Matt Yglesias has an interesting post that discusses how the zero (bound) matters because rules matter:
This, I think, is why zero matters. It is true that there are lots of different ways the Fed can do. But during the Great Moderation the thing the Fed did do was stabilize the macroeconomy by cutting interest rates. Everyone anticipated the Fed’s behavior to follow a Taylor-type rule in which inflation and unemployment data determined interest rates. You would read paradoxical-sounding stories about the stock market jumping on disappointing jobs data, precisely because everyone felt they understood how everything worked. The problem with the zero lower bound then becomes that as rates got closer and closer to zero nobody knew what was going to happen. People in the know knew that students of monetary theory had proposed a variety of possible central bank measures at zero. But Ben Bernanke didn’t explicitly write down “this is the Federal Reserve’s plan of action if unemployment is high and interest rates hit zero” and then display it for all to see behind some “in case of emergency, break glass” windowpane. In other words, it was the reverse of Y2K. We knew something would happen but nobody knew what. So when rates did hit zero, expectations became unmoored.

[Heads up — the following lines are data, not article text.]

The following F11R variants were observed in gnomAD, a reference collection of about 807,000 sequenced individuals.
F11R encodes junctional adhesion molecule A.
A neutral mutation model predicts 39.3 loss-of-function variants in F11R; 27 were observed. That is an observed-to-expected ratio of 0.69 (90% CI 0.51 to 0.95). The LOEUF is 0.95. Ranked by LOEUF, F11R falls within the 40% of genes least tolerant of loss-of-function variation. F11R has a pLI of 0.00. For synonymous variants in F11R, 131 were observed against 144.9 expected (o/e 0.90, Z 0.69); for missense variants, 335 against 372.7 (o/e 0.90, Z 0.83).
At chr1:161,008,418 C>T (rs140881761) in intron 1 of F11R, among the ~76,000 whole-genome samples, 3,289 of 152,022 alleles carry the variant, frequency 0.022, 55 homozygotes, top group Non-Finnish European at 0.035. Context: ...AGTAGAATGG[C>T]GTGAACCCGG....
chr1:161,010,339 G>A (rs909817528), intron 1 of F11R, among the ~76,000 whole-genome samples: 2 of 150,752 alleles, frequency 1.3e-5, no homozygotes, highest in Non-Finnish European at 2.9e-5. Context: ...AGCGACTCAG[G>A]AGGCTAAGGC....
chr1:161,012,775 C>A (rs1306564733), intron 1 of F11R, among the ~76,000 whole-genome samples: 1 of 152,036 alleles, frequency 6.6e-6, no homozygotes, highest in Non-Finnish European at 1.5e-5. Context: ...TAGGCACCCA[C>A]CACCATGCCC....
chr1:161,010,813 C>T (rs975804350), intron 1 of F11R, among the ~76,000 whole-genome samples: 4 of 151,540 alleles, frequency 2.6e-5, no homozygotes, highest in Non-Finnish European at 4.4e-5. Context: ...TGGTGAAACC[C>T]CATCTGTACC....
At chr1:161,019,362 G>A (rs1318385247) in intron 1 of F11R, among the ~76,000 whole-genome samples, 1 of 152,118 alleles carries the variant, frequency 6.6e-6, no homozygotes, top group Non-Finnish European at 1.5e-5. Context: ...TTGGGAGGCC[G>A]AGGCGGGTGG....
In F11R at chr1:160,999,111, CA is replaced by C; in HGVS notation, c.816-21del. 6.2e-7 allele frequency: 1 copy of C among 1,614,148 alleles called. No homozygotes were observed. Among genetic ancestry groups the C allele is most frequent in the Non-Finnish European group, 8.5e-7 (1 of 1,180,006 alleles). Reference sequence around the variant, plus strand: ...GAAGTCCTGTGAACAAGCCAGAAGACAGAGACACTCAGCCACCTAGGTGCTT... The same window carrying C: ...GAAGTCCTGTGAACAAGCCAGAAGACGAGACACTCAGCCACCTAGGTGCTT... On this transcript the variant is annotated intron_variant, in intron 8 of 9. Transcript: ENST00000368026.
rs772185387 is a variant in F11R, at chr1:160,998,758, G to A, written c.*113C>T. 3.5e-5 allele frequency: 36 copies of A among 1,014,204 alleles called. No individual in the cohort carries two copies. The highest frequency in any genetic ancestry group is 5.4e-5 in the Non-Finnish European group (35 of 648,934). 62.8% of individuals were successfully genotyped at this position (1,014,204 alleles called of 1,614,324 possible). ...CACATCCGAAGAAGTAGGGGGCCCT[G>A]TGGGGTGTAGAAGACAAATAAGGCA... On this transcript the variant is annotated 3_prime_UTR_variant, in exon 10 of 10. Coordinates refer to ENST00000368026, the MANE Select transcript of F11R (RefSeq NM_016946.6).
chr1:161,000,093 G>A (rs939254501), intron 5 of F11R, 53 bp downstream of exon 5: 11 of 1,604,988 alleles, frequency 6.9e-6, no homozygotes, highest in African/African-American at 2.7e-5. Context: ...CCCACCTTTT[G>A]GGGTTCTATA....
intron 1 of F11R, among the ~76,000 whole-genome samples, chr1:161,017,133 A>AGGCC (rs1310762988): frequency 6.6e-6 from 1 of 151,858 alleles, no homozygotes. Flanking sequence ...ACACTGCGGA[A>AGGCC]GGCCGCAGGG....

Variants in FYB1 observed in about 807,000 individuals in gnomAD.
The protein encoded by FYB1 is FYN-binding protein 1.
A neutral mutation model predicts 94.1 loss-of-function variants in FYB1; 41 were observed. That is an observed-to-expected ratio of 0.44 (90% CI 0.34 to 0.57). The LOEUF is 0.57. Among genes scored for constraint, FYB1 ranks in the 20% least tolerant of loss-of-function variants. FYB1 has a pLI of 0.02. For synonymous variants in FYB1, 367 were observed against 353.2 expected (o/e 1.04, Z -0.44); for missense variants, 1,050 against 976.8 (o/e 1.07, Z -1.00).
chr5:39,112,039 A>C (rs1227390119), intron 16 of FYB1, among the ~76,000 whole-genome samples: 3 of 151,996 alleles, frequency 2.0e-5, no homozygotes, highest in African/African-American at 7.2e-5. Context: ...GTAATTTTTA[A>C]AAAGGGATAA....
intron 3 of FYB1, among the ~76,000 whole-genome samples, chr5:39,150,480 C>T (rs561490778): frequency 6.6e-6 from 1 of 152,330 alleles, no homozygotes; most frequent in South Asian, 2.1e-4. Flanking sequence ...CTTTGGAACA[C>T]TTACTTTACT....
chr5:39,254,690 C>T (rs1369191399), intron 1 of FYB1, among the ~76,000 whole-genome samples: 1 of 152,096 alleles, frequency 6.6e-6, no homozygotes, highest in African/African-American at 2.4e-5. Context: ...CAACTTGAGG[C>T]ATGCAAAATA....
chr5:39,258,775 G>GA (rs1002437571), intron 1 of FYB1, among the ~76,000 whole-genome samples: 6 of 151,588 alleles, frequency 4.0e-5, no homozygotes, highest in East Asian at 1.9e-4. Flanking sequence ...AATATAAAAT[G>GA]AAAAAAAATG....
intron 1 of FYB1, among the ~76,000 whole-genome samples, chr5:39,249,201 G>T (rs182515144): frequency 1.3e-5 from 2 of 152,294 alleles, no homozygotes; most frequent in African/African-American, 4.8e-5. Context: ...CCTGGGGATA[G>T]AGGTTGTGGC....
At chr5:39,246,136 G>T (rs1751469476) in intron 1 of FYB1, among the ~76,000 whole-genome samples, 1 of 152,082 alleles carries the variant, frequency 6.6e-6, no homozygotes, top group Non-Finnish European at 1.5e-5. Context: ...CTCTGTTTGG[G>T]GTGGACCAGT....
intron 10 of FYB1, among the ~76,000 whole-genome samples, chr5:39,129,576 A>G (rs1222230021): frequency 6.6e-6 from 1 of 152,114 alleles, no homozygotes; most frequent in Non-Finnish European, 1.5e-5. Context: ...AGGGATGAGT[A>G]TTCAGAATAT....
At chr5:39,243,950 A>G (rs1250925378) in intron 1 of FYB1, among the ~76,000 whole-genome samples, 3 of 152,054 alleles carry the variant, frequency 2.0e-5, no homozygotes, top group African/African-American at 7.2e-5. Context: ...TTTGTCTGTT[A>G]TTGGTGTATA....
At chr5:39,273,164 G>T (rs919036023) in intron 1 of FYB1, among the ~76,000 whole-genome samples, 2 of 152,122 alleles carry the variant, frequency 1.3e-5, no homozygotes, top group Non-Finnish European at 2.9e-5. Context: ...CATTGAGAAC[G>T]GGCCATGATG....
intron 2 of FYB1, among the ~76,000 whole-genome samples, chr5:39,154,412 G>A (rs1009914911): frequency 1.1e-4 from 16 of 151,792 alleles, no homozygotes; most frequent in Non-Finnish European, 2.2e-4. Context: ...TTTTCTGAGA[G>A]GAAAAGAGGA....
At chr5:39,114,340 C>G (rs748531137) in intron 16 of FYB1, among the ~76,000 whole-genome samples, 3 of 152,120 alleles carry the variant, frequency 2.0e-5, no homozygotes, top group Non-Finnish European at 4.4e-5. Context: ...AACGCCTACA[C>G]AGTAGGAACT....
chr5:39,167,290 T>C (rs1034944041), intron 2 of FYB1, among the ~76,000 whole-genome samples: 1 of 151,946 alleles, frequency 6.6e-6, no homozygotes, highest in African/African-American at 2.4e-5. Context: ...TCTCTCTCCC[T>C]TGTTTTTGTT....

(Note: His argument was developed after reading this post by Evan Soltas.)
It´s true that BB didn´t explicitly write down any of the proposed alternatives for the situation where unemployment is high and interest rates hit zero, which had been discussed for many years under the caption “How to conduct monetary policy in a low inflation environment”. But implicitly he did by writing on alternatives for Japanese monetary policy and on “Deflation, making sure “it” doesn´t happen here”, for which he got nicknamed “Helicopter Ben”!
Evan´s “natural monetary experiment” is Y2K, something that everyone expected but didn´t happen. Another such “experiment”, different because no one expected and it did happen, was 9/11 less than two years later. Interestingly, the Fed reacted in the same way, providing enough excess reserves so that monetary equilibrium and, therefore, stability in nominal spending (NGDP Level) was maintained.
At the end, Matt writes:
I say all this, I note, not to argue that we need to scrap paper money. The point is that it’s very bad for the Fed to have a policy rule that breaks down in moments of severe crisis. It’s like having an umbrella that dissolves in water. We either need to run a background level of inflation that’s high enough to avoid zero bound episodes, or else shift the policy lever to something that’s not affected by these issues.
Instead of explicitly mentioning higher inflation targeting, he could have substituted that for explicitly defining the “policy lever that´s not affected by these issues”. And I bet that what he has in mind is an NGDP Level Target.